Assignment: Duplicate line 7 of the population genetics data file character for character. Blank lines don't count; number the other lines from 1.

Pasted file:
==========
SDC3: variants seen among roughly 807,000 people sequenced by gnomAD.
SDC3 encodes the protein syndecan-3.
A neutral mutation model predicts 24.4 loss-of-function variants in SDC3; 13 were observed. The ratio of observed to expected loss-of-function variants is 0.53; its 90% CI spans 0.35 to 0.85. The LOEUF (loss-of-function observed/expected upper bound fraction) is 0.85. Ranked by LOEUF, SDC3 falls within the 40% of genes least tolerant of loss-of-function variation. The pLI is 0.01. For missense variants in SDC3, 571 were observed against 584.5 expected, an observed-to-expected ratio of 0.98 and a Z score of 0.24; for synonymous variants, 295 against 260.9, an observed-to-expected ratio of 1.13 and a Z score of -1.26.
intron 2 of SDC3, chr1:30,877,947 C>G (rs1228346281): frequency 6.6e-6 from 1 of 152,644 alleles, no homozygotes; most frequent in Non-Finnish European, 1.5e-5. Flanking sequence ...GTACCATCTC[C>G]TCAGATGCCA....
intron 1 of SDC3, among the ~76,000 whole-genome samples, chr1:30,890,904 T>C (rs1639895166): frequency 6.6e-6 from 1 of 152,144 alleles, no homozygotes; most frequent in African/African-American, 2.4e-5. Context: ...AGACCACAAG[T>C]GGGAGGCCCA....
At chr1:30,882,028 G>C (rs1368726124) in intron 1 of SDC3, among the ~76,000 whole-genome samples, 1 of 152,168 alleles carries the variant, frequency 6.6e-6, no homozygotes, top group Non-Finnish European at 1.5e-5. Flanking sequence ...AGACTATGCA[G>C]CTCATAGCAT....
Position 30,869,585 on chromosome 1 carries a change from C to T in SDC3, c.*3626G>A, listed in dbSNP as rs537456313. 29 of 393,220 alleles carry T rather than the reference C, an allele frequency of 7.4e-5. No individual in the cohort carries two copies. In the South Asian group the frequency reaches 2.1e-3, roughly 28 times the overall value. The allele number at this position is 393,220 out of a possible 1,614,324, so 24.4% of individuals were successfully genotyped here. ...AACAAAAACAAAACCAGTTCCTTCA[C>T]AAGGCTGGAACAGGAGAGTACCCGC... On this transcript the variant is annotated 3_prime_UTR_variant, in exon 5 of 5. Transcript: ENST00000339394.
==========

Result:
Position 30,869,585 on chromosome 1 carries a change from C to T in SDC3, c.*3626G>A, listed in dbSNP as rs537456313. 29 of 393,220 alleles carry T rather than the reference C, an allele frequency of 7.4e-5. No individual in the cohort carries two copies. In the South Asian group the frequency reaches 2.1e-3, roughly 28 times the overall value. The allele number at this position is 393,220 out of a possible 1,614,324, so 24.4% of individuals were successfully genotyped here. ...AACAAAAACAAAACCAGTTCCTTCA[C>T]AAGGCTGGAACAGGAGAGTACCCGC... On this transcript the variant is annotated 3_prime_UTR_variant, in exon 5 of 5. Transcript: ENST00000339394.